Last updated on 20 November 2019
Leeds City Council is committed to making our websites accessible. We want as many people as possible to be able to use this website.
This means you should be able to:
- change line height, spacing between paragraphs and fonts
- zoom in up to 300% without the text spilling off the screen
- navigate most of the website using just a keyboard
- listen to most of the website using a screen reader (including the most recent versions of JAWS, NVDA and VoiceOver)
We’ve also made the website text as simple as possible to understand.
AbilityNet external link has advice on making your device easier to use if you have a disability.
Our accessibility issues
We know some parts of this website aren’t fully accessible, for example:
- many online forms are not currently easy for screen readers to navigate
- most documents aren’t accessible to screen reader software - our aim is that all documents will meet our website's
content standards and the accessibility regulations by September 2020
- some links on our website aren’t self-explanatory to screen reader users
- we might link to websites or software we do not own or manage and cannot guarantee their accessibility
Reporting accessibility problems with this website
We're working to improve the accessibility of our website, but if there's anything which you'd like us to prioritise please email us and let us know:
We’ll consider your request and get back to you in three working days.
The Equality and Human Rights Commission is responsible for enforcing the accessibility regulations for the council and other public sector bodies. If you’re not happy with our response, contact the
Equality Advisory and Support Service.
Technical information about this website’s accessibility
This website is partially compliant with the Web Content Accessibility Guidelines version 2.1 AA standard, due to the non-compliances listed below.
Non accessible content
The content listed below is non-accessible for the following reasons.
Our website fails to validate using W3C Markup Validation Service. This means that some assistive technologies may not be able to interpret the content accurately. This doesn’t meet WCAG 2.1 success criterion 4.1.1 (parsing).
We are continuously working towards ensuring our website passes W3C validation tool and we will ensure any new content or components we build meet accessibility standards.
Headings are missing text
There are instances of empty heading tags being used on our website. These are not visible on the front-end of the website but are hidden in the code. This doesn’t meet WCAG 2.1 success criterion 1.3.1 (info and relationships).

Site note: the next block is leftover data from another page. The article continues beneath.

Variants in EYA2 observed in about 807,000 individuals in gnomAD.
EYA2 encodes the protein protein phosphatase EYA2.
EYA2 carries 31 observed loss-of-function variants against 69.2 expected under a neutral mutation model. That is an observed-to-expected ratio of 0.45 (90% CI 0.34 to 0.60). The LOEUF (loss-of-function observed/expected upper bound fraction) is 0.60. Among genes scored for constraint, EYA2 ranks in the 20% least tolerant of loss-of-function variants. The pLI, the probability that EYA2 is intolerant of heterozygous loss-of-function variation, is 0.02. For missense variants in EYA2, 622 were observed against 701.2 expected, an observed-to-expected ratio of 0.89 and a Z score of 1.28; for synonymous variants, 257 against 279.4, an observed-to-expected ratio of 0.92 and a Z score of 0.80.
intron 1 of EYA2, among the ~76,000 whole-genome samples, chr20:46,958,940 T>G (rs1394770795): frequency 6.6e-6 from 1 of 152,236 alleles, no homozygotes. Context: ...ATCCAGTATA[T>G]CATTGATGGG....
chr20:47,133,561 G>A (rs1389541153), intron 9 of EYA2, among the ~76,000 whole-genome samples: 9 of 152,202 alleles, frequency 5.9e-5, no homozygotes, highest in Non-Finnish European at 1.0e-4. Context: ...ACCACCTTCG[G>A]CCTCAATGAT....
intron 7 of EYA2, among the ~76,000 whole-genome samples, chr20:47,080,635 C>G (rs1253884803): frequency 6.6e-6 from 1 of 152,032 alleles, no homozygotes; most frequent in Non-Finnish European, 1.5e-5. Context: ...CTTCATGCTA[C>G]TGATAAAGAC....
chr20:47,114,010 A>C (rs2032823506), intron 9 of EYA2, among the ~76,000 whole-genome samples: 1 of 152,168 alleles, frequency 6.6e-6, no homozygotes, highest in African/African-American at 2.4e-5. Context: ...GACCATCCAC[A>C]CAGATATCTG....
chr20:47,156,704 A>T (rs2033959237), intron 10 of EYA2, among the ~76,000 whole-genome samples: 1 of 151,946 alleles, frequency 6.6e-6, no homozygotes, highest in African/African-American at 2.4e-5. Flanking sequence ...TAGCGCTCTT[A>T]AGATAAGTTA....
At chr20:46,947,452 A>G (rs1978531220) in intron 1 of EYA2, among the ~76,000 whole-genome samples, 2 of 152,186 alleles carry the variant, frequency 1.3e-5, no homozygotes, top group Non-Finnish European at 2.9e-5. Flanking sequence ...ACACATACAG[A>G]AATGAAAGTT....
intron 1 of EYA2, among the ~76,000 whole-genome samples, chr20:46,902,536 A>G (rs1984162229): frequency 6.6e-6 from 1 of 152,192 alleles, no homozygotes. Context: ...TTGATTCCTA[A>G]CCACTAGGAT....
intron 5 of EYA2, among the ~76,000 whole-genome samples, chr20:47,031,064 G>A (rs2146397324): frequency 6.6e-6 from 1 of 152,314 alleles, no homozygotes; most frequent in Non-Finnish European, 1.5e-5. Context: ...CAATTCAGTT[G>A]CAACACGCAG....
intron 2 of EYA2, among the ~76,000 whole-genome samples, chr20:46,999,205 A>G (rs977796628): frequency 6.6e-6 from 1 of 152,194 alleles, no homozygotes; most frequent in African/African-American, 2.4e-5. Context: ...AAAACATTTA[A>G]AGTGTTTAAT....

Multiple instances of the same ID
Each page of our website has multiple elements with the same ID value. A singular webpage may contain one ID per element but the value for each ID must be unique. The ID value specified multiple times is called “DataProvider”. This doesn’t meet WCAG 2.1 success criterion 1.3.1 Info and Relationships and 4.1.1 (Parsing).
Some of the links on our website do not make sense when taken out of context. For example, the A to Z links in the footer read out as “A link” to screen reader users. We also have a couple of instances where the same link text is used for links that take users to different locations. These issues do not meet WCAG 2.1 success criterion 2.4.4 Link purpose (in context). We are continuously working to improve our link text by adding in screen reader friendly text where necessary and performing content reviews and re-designs.
Missing button on forms
The mark-up of our pages are built on forms due to the platform we use. As a result of this each page is technically missing a button and although it has no impact on a user it does fail validation. This doesn’t meet WCAG 2.1 success criterion 3.2.2 On Input and 4.1.2 (Name, Role, Value).
Our feedback form includes a label that is not connected to a form field and has no content inside it until the submit button is pressed. When content does appear it displays an error message, this is using the incorrect mark-up. This fails WCAG 2.1 success criterion 1.3.1 Info and relationships, 2.4.6 Headings and labels and 4.1.2 (Name, Role, Value).
We use Google Captcha on our feedback form to prevent us from receiving spam.
We are aware of a few technical issues with Google Captcha such as a text area having no description, a local link destination not existing, an iframe being used to format content and the iframe having no title. This fails WCAG 2.1 success criterion 1.3.1 Info and relationships, 3.3.2 Labels or instructions and 4.1.2 (Name, Role, Value).
We have tested Google Captcha on various devices and browsers, using keyboard only and on screen readers where we found it to still function well. Google Captcha has become commonplace across many websites and most of our users are familiar with it. Due to this, we have no plans to replace it.
Google Captcha is exempt from meeting the accessibility regulations because it is neither funded, developed by, or under the control of Leeds City Council.
How we tested this website
This website was last tested on 29 August 2019.
We tested a selection of our most popular pages, ensuring those tested reflected the variety of different page layouts used on our website.
The pages we tested were: